How to Pick a Backpacking Trip: Planning Your First Overnight in the Wilderness

In this piece from Mountaineer magazine, an experienced leader shares his top tips for a successful backpacking trip in the Northwest.
Richard Lambe Richard Lambe
Foothills Backpacking Leader and Super Volunteer
July 10, 2021

You’ve been day hiking and are ready to have your first overnight in the wilderness, but you’re not sure where to start. Below are a few steps to take before you go to maximize your chances of having a fun, successful trip:  

Step 1: Gather Resources

Many sources of information exist to help with planning. Spend time researching where you want to go, when, and what to expect when you get there. Start with these essential resources:

Guidebooks: Mountaineers Books publishes many guidebooks, and you can never own too many - my shelves include more than 90, starting with my AMC White Mountain Guide purchased in 1966. Plus, Mountaineers members save 20%.

Maps: Both paper maps and mapping apps like Gaia and Caltopo can are useful sources of information, and are important resources to bring with you to ensure you don’t get lost.

Public agency websites: Sites like the National Park Service website for Mount Rainier National Park include useful trail and road condition reports.

Crowd sourcing: Websites like WTA.org, Mountaineers Trip Reports, and NWHikers.net include information and recent updates from individuals who have backpacked the trail themselves. These days you can also find great information on social media. Facebook has a lot of great groups that share recent conditions and trip ideas.

Step 2: Where to go

Deciding where to go is key to successful trip planning. Many destinations will give you a memorable trip; your goal is to find one of them. You can consider many things in making this decision. 

Trail: What are the trail conditions like? Is it rocky, steep, brushy, or exposed? Are there any unabridged stream crossings? Do you have distance options based on possible campsites? How many feet of climbing and descending are required? Remember, hiking with a full backpack is more difficult than hiking with a daypack.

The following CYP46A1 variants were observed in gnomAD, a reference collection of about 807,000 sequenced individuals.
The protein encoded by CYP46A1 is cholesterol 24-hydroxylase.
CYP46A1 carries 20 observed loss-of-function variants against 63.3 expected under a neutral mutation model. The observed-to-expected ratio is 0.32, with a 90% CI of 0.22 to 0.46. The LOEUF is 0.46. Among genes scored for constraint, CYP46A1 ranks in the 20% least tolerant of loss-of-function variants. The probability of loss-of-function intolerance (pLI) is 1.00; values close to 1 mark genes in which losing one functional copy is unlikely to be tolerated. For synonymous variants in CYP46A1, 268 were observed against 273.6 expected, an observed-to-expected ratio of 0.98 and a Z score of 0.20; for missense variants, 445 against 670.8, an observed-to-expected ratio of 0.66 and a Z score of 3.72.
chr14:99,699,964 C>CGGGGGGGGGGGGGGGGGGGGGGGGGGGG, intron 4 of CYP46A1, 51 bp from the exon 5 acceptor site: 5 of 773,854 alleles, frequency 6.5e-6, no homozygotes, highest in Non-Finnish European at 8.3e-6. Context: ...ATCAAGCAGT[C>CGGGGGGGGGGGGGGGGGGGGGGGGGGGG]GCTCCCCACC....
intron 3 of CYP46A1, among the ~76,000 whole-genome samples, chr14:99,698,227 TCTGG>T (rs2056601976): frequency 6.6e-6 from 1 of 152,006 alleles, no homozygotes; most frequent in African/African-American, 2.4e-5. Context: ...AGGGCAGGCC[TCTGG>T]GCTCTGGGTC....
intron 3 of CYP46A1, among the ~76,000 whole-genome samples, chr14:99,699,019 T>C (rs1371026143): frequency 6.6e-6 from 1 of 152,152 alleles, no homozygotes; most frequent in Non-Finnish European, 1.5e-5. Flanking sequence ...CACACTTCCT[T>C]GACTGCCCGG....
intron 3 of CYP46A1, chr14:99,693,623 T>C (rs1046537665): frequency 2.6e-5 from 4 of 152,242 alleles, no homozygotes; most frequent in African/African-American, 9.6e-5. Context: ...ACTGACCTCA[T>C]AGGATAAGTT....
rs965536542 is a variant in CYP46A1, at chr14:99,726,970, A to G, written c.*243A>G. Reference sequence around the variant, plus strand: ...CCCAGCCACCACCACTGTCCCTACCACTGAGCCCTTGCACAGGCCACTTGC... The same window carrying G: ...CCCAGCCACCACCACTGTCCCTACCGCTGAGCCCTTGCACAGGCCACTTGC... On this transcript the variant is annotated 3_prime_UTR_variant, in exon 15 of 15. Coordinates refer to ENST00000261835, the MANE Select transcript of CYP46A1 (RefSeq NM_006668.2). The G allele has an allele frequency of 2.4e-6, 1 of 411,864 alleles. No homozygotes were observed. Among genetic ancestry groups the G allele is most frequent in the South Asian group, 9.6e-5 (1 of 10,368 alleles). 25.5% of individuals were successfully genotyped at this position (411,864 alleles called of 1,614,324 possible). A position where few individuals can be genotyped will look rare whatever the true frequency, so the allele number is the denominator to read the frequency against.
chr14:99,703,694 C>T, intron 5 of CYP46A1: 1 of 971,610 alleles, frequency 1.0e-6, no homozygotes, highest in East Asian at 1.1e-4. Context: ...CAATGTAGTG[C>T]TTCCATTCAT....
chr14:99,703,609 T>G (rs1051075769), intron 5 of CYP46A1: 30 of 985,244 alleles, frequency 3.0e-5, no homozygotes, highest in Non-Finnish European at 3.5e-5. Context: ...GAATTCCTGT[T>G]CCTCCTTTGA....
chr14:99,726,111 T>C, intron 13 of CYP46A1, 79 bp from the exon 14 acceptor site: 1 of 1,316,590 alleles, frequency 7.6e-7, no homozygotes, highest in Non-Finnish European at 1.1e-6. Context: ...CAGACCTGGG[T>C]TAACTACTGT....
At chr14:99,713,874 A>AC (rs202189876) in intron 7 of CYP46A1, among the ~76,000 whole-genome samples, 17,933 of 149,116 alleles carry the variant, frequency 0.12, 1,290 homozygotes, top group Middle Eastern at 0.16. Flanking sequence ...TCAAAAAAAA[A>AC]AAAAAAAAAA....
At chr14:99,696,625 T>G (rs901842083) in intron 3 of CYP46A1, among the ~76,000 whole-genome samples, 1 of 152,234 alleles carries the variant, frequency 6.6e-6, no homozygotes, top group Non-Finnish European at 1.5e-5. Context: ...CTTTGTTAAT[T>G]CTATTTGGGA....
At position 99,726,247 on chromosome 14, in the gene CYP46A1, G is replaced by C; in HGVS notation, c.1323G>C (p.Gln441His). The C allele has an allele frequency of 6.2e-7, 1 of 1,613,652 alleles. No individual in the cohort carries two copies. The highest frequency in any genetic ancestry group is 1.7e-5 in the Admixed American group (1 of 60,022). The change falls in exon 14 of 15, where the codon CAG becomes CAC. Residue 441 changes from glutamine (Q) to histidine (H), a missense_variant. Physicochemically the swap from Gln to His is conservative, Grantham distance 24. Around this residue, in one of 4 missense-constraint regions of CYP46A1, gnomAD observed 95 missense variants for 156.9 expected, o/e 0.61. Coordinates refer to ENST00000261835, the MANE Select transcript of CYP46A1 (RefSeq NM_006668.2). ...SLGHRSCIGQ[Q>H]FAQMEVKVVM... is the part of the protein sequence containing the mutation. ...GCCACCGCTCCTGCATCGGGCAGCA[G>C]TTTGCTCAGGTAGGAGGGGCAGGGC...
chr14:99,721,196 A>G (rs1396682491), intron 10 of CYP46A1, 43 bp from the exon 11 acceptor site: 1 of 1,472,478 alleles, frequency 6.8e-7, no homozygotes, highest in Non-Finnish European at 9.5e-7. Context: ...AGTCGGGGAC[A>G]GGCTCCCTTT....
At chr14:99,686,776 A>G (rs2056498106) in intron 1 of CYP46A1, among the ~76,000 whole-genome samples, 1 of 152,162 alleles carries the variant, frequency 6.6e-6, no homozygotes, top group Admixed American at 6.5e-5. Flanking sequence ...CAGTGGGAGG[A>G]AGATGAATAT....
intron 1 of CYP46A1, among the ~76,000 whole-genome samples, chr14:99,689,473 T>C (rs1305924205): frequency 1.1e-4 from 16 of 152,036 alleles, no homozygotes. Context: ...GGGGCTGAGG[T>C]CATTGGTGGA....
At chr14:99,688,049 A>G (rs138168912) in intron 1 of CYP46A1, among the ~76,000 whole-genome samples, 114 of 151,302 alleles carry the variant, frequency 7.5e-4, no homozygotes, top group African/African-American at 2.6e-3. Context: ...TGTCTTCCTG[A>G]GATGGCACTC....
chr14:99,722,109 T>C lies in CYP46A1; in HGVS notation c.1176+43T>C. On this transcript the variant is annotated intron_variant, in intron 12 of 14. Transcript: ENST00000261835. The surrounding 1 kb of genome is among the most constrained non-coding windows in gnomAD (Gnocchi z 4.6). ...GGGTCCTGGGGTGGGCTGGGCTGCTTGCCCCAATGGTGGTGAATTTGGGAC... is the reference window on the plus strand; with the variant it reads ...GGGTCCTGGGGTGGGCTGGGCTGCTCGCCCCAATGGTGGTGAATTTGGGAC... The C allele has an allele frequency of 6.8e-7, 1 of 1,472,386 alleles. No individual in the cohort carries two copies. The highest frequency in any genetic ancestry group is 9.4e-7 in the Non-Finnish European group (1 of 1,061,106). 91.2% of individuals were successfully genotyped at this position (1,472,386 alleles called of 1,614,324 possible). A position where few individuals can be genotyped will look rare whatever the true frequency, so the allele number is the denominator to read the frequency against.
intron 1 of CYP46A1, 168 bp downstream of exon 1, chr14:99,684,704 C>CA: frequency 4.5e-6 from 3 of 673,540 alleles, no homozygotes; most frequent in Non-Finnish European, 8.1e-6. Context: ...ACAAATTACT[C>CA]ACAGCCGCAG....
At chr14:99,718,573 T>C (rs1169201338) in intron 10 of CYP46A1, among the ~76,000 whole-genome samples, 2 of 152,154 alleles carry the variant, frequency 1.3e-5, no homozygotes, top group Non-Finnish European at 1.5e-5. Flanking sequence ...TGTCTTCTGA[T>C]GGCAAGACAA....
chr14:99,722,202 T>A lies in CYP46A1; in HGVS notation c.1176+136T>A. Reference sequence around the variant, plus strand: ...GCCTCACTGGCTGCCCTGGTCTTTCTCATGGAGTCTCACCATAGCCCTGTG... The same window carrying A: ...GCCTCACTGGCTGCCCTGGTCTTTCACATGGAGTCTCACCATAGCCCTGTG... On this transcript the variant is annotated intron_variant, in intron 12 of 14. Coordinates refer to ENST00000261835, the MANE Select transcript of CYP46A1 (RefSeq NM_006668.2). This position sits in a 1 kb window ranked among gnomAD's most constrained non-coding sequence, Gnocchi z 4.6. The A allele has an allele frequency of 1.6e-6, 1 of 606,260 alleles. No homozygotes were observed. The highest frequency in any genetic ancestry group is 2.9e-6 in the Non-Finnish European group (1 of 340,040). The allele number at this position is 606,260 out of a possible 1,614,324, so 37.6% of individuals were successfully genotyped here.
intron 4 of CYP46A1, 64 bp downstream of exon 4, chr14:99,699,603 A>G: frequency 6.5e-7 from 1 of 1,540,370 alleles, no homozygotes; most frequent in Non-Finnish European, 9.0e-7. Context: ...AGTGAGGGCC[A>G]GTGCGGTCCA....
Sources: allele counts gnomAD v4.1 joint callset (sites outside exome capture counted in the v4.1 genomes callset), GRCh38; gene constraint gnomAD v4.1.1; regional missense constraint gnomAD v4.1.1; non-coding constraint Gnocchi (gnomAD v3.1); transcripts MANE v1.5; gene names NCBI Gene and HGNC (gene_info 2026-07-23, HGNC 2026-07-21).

Road: How far a trailhead is from where you are and the road conditions getting there are important to keep in mind. Do you need a high-clearance or 4WD vehicle? Is the 5 miles of access road rough washboard, taking you 45 minutes to drive rather than the hoped-for 15? Are there washouts or blow downs?

Campsite Location: When planning campsite locations, guidebooks are a good resource, and maps provide information on possible off-trail campsites. When figuring out where to camp, your proximity to water is important - each gallon you have to bring is an additional 8 pounds to carry in your backpack. Also consider the views from the trail and at the campsites. Since I enjoy star viewing, I look for a campsite with a clear unobstructed view of the sky. I love to swim in alpine lakes, so swimmable lakes is another factor for me in route and campsite selection. What features do you value in a campsite?

Wildlife and bugs: The presence of wildlife and bugs at your campsite can be a positive or negative experience. One of my most memorable trips was a fall trip in Olympic National Park where a nearby herd of bugling Roosevelt Elk serenaded us at night. Concerns like human-accustomed black bears or bugs are less desirable. Some areas are buggier than others, such as those campsites close to stagnant ponds. Wind may help disperse bugs, but to a large degree, you can avoid bugs by visiting at a different time of year.

Permits and quotas: Another important factor that might determine where you backpack is permits and quotas. Generally, campsite quotas are an issue in Washington only for the National Parks. Each of the three National Parks in Washington have their own, constantly-changing rules for obtaining a permit. Check their websites for the latest information, and just know that long-advance planning, applications, and luck may be required.